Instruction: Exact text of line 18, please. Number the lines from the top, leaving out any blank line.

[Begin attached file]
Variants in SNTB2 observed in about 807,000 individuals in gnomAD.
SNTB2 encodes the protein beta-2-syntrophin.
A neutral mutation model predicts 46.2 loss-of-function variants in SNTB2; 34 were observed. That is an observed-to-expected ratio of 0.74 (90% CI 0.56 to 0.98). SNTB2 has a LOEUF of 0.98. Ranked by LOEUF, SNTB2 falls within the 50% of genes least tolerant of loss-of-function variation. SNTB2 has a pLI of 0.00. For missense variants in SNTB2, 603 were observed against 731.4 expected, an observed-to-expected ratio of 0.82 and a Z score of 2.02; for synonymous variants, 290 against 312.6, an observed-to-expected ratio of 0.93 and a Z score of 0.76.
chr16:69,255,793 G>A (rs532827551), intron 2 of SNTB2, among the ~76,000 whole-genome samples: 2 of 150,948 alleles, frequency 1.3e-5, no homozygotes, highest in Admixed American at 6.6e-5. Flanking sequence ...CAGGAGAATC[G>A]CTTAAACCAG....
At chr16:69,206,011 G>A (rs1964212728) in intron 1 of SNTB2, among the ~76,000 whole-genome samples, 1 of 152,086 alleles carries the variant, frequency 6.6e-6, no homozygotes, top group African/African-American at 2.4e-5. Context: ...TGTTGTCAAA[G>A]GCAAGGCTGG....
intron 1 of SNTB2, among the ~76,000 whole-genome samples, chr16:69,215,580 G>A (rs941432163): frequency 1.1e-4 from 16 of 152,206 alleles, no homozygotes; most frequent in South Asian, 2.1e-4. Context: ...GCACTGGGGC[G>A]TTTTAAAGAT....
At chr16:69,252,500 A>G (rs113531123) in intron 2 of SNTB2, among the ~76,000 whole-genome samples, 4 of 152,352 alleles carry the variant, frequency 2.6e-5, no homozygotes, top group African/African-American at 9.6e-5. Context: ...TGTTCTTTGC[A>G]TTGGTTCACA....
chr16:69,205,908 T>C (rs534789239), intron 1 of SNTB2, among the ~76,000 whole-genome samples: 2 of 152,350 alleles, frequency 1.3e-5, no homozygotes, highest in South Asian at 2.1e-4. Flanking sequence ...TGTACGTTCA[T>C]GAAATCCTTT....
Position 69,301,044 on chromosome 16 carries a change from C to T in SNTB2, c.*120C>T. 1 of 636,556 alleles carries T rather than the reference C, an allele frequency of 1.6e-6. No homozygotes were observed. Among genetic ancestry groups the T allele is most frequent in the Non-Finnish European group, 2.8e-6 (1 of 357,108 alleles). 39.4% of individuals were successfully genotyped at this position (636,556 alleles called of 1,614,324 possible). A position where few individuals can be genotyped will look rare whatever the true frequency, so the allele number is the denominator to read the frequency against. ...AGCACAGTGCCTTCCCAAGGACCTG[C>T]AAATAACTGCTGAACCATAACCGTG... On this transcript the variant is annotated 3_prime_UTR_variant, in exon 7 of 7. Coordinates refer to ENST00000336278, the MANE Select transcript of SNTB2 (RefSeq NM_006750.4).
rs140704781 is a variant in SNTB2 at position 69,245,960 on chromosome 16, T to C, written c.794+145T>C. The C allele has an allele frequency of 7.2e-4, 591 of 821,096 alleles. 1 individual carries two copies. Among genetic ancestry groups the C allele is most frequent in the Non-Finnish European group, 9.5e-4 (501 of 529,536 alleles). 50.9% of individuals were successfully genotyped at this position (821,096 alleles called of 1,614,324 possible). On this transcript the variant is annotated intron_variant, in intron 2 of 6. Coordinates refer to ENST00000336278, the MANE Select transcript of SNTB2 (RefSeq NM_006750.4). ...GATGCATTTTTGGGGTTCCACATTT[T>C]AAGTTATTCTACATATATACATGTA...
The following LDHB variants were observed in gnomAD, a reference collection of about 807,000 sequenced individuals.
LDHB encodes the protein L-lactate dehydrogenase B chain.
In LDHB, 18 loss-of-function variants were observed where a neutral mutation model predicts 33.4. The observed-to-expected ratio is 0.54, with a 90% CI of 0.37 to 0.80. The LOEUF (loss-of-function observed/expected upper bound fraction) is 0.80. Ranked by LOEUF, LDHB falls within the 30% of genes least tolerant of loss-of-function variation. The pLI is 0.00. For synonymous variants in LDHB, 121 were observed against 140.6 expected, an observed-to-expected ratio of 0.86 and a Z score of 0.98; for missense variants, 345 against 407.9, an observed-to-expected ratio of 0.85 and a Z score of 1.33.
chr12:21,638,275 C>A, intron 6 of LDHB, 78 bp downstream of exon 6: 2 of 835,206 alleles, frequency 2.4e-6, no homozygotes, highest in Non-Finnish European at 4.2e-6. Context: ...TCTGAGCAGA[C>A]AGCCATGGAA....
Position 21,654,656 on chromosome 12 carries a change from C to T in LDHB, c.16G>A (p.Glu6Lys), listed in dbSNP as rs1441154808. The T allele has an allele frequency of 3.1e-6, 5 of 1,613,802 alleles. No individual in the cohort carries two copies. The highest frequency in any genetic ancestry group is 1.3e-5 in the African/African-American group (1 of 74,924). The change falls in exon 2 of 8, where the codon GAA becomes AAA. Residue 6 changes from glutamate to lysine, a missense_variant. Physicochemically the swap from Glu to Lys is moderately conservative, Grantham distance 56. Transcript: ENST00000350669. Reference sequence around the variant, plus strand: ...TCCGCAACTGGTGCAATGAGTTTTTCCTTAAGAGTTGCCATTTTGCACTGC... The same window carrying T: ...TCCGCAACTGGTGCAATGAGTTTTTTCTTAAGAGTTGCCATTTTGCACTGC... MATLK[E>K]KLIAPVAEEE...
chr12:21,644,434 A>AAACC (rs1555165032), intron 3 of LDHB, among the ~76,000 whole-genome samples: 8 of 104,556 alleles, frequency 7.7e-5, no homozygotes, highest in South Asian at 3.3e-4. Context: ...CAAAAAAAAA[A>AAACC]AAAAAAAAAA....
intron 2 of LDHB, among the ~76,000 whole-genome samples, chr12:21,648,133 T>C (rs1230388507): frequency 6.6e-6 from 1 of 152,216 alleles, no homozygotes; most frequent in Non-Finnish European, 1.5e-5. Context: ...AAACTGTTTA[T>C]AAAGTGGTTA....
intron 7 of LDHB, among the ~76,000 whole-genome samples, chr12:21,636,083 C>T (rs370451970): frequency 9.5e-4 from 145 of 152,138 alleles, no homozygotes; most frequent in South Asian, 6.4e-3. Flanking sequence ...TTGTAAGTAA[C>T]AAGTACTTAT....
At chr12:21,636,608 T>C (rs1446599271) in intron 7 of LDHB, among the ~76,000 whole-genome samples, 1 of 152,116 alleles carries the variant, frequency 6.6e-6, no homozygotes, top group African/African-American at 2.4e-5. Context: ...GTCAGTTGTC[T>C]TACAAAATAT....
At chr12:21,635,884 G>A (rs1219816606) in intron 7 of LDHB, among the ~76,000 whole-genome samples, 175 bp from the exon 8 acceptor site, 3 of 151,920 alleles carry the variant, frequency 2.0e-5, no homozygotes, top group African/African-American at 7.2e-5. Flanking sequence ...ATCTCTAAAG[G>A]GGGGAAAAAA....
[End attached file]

intron 7 of LDHB, among the ~76,000 whole-genome samples, chr12:21,636,083 C>T (rs370451970): frequency 9.5e-4 from 145 of 152,138 alleles, no homozygotes; most frequent in South Asian, 6.4e-3. Flanking sequence ...TTGTAAGTAA[C>T]AAGTACTTAT....